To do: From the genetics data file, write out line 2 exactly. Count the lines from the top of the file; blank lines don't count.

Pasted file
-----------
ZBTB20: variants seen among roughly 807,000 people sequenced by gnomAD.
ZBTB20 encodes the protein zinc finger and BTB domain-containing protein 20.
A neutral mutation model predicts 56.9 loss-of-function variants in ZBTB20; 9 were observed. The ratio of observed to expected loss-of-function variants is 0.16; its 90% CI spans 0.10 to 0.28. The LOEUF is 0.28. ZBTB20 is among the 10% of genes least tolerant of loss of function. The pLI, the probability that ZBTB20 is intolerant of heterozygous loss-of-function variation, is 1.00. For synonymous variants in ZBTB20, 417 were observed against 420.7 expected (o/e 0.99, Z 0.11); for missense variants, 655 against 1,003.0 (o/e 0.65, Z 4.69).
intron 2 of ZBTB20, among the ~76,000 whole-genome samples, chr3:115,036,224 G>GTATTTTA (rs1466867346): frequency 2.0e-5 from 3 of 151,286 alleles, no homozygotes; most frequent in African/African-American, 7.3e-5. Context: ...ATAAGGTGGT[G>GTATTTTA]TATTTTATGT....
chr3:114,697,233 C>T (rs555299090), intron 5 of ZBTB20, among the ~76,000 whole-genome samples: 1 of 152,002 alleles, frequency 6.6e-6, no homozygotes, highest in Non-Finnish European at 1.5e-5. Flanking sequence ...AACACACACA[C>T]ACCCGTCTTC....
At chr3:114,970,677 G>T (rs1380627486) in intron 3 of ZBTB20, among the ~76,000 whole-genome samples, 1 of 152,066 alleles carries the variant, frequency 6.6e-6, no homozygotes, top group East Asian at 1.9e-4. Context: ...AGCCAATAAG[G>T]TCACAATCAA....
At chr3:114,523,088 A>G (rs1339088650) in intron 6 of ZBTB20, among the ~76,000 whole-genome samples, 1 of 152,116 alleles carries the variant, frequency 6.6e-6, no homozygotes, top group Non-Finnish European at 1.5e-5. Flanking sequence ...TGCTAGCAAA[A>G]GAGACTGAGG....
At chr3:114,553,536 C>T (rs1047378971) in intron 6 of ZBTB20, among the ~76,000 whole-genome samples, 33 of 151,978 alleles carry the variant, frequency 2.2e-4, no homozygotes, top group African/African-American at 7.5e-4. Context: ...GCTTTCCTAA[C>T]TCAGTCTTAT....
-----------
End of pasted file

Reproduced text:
ZBTB20 encodes the protein zinc finger and BTB domain-containing protein 20.